Philip Hammond says his ‘understanding’ was that material should not have clad the tower

The use of the type of cladding used to cover the Grenfell Tower in Kensington was banned in the UK, according to the Chancellor of the Exchequer, Philip Hammond.

Speaking on yesterday’s Andrew Marr programme on the BBC, Hammond was asked if the government would pick up the tab for replacing such material currently cladding tower blocks across the UK, if it was found to have been used.

Hammond ducked the question, instead saying he believed the material was banned here.

“My understanding is that this material, which is banned in Europe and banned in the US, is also banned here.

“There are two questions around this. Are our regulations correct? Do they permit the right kind of materials and ban the wrong sort of materials?

“And secondly, were they correctly complied with? Obviously that will be a subject the [public] inquiry will look at. It will also be a subject the criminal investigation will be looking at.”

Thomas Lane, Building’s technical editor, highlighted the detailed nature of some of the fire regulations which govern certain materials (see below).

Meanwhile the Prime Minister Theresa May faces mounting criticism over the government’s response to the disaster, which has so far claimed nearly 60 lives, while the local Conservative-led council has been similarly taken to task for not providing enough support for surviving victims of last week’s blaze.

Thomas Lane, Building’s technical editor, writes:

Reynobond is not banned in the UK. It has a BBA certificate which includes details of the panel’s compliance with European and British fire standards and Arconic, the manufacturer of Reynobond publish the fire ratings in its technical guidance.

Reynobond PE, the panel which features a polyethylene core has been tested according to the standards set out in BS EN 13501-1: Fire classification of construction products and building elements. According to the certificate the panels have a Class 0 rating for the surface spread of flame, which is the highest rating. The certificate also says the polyethylene-cored panel has a reaction to fire classification of B –s2 and the fire-retardant version a rating of B –s1. This contradicts Reynobond’s fire certification documentation, which states the fire retardant version of the panel has an A2 rating. The highest ‘A’ rating requires materials to be non-combustible and an ‘F’ rated material is easily flammable. The polyethylene-cored Reynobond panel is regarded by BS EN 13501-1 as being combustible with very limited contribution to fire.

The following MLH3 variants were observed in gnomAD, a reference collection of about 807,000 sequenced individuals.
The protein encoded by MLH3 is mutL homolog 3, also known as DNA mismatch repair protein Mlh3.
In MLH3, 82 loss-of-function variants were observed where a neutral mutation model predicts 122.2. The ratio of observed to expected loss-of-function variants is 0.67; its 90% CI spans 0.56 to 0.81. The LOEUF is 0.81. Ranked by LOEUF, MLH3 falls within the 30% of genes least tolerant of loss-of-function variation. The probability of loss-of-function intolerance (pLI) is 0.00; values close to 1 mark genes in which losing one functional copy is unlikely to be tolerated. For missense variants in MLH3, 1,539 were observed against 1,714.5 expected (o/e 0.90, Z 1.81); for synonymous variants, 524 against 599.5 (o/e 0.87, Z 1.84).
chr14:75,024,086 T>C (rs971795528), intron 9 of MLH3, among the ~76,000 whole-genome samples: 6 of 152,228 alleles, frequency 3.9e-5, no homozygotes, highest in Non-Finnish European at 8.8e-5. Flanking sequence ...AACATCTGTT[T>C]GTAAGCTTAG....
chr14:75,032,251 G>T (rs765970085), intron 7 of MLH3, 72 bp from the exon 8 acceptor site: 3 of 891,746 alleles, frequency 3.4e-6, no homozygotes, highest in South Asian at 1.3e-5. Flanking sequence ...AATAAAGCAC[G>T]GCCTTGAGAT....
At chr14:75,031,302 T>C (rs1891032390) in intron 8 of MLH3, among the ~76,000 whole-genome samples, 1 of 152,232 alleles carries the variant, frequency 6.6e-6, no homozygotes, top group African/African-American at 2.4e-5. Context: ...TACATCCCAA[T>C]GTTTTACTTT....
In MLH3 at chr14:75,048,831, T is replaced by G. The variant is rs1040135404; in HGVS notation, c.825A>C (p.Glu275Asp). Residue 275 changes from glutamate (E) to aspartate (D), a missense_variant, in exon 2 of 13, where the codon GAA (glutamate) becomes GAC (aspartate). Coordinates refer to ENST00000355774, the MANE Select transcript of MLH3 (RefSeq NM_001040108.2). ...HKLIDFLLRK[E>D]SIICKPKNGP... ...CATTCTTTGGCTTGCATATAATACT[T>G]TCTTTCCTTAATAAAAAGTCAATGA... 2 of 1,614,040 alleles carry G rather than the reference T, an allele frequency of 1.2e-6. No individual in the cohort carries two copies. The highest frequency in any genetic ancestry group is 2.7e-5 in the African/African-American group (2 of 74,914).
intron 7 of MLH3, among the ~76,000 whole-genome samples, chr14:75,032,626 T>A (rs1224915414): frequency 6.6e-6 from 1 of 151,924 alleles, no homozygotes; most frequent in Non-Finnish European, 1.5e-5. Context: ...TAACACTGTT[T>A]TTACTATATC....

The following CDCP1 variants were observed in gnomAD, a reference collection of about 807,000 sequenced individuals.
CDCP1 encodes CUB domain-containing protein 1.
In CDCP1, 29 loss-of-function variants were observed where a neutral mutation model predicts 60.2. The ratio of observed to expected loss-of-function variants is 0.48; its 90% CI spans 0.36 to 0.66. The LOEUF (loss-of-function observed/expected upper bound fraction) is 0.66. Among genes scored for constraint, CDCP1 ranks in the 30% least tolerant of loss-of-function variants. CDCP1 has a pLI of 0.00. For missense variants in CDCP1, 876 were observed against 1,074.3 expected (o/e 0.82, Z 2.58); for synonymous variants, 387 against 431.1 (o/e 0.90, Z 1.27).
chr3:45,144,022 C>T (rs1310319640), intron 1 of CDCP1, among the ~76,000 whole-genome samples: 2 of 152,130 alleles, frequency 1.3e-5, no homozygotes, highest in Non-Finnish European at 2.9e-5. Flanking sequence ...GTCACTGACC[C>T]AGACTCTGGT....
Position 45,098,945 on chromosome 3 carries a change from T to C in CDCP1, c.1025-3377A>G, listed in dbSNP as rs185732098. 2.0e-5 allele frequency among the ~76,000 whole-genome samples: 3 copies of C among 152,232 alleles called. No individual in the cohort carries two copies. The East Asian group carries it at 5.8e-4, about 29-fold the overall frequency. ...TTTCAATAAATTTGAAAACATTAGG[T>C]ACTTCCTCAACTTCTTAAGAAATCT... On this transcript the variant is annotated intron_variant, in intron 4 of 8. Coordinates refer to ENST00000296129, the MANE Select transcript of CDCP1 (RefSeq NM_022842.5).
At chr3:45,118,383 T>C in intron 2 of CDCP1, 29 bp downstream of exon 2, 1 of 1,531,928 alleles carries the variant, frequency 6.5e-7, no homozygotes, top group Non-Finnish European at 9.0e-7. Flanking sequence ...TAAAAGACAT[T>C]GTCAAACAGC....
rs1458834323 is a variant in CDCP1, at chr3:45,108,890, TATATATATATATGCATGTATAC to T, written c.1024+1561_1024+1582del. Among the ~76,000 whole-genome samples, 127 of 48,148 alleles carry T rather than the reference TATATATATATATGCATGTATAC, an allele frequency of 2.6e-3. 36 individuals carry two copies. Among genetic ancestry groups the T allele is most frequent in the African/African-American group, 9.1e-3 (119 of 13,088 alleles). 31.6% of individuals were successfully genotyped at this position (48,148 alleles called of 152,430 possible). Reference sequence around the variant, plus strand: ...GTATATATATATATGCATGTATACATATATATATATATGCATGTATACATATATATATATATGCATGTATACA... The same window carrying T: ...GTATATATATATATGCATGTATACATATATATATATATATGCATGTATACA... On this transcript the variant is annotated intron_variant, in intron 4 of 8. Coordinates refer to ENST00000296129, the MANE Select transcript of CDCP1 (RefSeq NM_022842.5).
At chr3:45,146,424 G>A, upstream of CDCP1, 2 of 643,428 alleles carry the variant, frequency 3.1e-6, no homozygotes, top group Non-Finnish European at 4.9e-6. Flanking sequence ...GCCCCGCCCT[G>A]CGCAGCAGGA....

According to Part B, the building regulation which deals with fire safety, the external envelope of a building should not provide a medium for fire spread if it is likely to be a risk to health and safety. Any insulation product or filler material used in the external wall construction of a building more than 18m tall should be of limited combustibility. A table in Part B, diagram 40 shows what classification of material can be used in different parts of a building. It states that materials with a classification of class C-s3 – combustible with a limited contribution to fire - can be used in buildings up to 18m tall. A building over 18m tall must use materials with a classification of B-s3 or better. This suggests both types of Reynobond panel would meet the requirements of Part B for the flammability of external cladding.

There appears to be a contradiction in Part B. Table A7 in the appendix defines materials of limited combustibility which must be used on buildings over 18m tall. This states a material tested to BS EN 13501-1 must have a rating of A2 – s3 or better, in other words non-combustible. According to the BBA certificate neither of Reynobond’s panels would meet this requirement. Arconic’s own documentation states that the fire retardant version would have been compliant with this requirement, but not the polyethylene-cored panel.